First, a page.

As a democratic city, we allow citizens to voice their opinions. Last week, two public hearings took place. The first was a request for a liquor license in the area west of I-25 on Arapahoe road. Proponents for the case argued that their was a desire for a business engaged in selling spirits at the proposed location and that the site would specialize in Middle Eastern spirits which other area liquor store lacked. Against the case were other liquor store owners located within a mile radius of the proposed location. They argued that there was no demand for another store and that their was an “undue concentration of liquor establishments in the area.”
The lawyer representing the argument against the business, pointed out holes in the case of the proponents. The chambers felt like a court room as the lawyers cross-examined the witnesses. It was brought to the attention of the Council that one of the witnesses lived outside of the one-mile radius which witnesses had to live within.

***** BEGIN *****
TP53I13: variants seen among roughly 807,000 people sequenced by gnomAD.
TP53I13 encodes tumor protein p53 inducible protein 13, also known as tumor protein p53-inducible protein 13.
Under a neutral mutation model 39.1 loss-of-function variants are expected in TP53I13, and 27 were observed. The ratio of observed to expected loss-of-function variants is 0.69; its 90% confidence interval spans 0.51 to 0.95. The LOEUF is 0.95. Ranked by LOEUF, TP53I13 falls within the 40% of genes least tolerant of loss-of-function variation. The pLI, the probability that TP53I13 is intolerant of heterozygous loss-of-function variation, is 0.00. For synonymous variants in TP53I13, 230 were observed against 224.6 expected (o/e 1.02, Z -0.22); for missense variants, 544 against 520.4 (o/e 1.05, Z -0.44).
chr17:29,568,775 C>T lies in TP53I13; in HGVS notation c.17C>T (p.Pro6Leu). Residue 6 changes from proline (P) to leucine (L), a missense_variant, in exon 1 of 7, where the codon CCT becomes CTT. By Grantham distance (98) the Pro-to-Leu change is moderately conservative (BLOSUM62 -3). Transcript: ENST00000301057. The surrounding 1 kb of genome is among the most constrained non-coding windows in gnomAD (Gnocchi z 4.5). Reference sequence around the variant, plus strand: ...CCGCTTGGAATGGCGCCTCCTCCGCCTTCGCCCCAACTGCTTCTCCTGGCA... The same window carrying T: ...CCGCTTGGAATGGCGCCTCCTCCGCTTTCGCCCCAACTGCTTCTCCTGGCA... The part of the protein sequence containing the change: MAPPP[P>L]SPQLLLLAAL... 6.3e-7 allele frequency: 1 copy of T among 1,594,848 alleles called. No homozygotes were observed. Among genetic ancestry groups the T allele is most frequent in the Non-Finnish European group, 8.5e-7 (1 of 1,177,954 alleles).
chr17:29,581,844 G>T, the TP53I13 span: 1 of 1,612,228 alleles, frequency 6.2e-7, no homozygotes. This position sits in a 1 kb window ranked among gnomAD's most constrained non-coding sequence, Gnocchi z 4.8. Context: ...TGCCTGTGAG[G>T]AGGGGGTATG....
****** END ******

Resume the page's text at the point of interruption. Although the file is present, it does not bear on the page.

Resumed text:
This is perhaps the most interesting issue that I have witnessed as an intern. When deciding how I would vote, I had to separate my sympathy for the other business owners from that of the principles of government unjustly interfering with competition among retail establishments. To me, the key fact that was presented was the affidavit of the Police Department that stated that the establishment would not require additional patrols to maintain security. With this in mind, I agree with the unanimous council, and would have voted to pass the ordinance.